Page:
Analyst: Chicago can take lead nationally in pension reform, even with a bankruptcy
Chicago's pension crisis seems insurmountable, but if the city can find a resolution, the rest of the country likely will follow that lead, a noted financial analyst said during a recent interview.
"Chicago is going to be ground zero for the rest of the nation for how it deals with its pension stress," Danielle DiMartino Booth, a former Federal Reserve of Dallas senior financial analyst and now president of Money Strong, said during a Chicago City Wire phone interview. "All eyes are on the Windy City right now."
DiMartino Booth said she is not a legal expert, but that it's clear lawmakers, including President-elect Donald Trump and the incoming U.S. Congress, as well as the judiciary, need to step up. "Something is going to have to give," she said. "If it comes down through the judiciary providing for bankruptcy relief, then so be it."
Things got exponentially worse for Chicago on Dec. 1, when Gov. Bruce Rauner vetoed a $215 million bill to bail out Chicago Public Schools' pension fund. Chicago Public Schools needed the money to close a massive hole in its pension fund. "Clearly, the State of Illinois is unable to provide a solution," DiMartino Booth said.
The state has public pension problems of its own. Illinois' public pension crisis is the worst in the nation, Bloomberg News said. By fiscal 2014, Illinois' pension shortfall was more than $100 billion, and partisan bickering in Springfield yielded no improvement. Illinois’ pension debt increased to $130 billion in 2016, up from $111 billion in 2015, according to an Illinois Policy Institute report, which cites the Commission on Government Forecasting and Accountability.
Last spring, former Illinois state Rep. Ron Sandack (R-Downers Grove), called for the state to declare bankruptcy, which the state currently cannot legally do.
However, Chicago and other state municipalities could go that route, using Detroit as a precedent. Pensioners in that city received 35 cents on the dollar, among other provisions in Detroit's bankruptcy filing. Michigan recently reported that Detroit has projected a $35 million surplus for the current budget year.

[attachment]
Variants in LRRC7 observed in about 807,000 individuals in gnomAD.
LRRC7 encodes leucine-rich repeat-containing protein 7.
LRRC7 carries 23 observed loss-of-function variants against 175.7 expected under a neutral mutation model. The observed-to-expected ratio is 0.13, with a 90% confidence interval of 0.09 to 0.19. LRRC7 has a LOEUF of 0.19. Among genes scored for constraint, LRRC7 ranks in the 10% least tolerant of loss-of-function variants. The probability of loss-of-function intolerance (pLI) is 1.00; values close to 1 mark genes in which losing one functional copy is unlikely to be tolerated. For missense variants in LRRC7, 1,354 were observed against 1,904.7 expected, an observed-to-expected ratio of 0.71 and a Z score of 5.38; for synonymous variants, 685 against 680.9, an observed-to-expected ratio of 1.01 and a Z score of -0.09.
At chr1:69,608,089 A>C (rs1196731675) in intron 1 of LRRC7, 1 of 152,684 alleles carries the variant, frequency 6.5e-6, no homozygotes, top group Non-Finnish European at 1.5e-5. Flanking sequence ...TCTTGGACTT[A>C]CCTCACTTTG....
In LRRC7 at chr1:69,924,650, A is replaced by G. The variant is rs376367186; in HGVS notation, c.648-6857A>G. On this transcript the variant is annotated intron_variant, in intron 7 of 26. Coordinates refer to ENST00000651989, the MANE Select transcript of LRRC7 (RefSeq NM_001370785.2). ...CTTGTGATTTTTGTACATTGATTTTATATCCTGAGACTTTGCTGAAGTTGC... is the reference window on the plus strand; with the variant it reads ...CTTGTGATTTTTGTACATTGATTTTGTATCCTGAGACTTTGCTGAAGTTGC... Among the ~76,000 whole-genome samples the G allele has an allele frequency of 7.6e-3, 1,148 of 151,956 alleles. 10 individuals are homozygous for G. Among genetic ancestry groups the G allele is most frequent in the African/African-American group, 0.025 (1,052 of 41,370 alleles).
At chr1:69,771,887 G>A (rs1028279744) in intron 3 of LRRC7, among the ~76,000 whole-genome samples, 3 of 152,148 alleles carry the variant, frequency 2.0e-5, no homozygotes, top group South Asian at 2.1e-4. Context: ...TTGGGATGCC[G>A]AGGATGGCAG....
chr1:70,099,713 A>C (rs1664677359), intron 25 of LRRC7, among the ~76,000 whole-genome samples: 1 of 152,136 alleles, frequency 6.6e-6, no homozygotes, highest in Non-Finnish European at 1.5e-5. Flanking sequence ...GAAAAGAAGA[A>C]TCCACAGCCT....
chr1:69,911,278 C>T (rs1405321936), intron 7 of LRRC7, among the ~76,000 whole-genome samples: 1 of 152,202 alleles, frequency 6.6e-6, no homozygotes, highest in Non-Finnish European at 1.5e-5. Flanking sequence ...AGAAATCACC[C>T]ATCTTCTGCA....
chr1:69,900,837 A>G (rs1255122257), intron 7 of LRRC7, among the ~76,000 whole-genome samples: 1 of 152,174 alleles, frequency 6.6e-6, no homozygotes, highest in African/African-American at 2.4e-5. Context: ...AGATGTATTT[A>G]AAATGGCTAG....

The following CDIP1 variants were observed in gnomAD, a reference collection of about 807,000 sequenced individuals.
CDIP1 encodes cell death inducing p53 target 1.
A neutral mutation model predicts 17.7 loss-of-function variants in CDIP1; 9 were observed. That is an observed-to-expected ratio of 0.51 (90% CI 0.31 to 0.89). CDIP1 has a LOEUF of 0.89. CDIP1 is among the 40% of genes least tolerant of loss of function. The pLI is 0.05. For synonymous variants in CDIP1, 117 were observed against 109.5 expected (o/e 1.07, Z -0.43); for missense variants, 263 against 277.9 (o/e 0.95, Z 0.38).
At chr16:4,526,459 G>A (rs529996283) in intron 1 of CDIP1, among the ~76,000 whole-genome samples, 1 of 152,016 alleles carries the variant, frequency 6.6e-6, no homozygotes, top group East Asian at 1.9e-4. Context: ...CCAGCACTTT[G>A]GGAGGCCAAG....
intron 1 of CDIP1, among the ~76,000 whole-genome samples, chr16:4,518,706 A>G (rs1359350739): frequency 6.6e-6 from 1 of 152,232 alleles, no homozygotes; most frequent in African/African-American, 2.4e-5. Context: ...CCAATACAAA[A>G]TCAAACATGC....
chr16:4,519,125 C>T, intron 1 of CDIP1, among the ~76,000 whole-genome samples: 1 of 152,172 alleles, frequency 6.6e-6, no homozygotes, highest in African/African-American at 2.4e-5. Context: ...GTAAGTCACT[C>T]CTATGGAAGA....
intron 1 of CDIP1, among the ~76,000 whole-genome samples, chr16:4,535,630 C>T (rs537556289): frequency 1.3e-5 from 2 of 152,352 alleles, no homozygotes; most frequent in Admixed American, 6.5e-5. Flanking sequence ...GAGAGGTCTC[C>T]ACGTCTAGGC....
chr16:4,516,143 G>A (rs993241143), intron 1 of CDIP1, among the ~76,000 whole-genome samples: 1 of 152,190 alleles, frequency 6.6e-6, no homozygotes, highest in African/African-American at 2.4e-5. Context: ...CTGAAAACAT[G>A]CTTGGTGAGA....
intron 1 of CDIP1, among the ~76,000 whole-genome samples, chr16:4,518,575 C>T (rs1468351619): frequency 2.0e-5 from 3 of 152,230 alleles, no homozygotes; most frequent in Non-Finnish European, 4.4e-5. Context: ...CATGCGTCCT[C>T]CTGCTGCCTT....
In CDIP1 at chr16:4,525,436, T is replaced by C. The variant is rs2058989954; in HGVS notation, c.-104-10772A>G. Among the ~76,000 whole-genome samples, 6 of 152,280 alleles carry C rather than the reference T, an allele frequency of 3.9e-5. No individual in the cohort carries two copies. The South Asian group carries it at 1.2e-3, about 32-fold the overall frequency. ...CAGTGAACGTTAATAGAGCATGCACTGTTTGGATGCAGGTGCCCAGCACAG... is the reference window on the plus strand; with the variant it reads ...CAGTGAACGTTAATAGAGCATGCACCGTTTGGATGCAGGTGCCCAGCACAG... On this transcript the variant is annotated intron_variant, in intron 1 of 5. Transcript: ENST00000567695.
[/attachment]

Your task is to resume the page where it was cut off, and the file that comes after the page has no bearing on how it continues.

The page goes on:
State lawmakers also haven't been getting much help from the Illinois Supreme Court. In May of 2015, Illinois' highest court unanimously ruled a state pension law unconstitutional It had been signed in 2013 by then-Gov. Pat Quinn to scale back government worker benefits. This past March, the high court unanimously struck down state legislators' attempts to rewrite some public employee pension funding rules.
Nationwide, underfunded government pensions amount to about $1.3 trillion, which really can't be paid, DiMartino Booth said in a recent Business Insider report. DiMartino Booth also has issued warnings in other articles, including "Commercial Real Estate: From Towers of Gold to Pillars of Salt," published this week, and "The Federal Reserve to Pensions: Suspend Disbelief Indefinitely," published Nov. 2.
DiMartino Booth said she sees no option other than bankruptcy for Chicago.
"I really don't," she said. "It seems to me that the teachers' union has such a hold on the situation that you would have to have something dramatic, like filing for bankruptcy protection, to break that.
The new president and Congress also could play a role by passing legislation that would make it easier for states and municipalities to file for bankruptcy protection, DiMartino Booth said.
"I don't know that they will do that," she said. "However, I would hope they would at least consider it."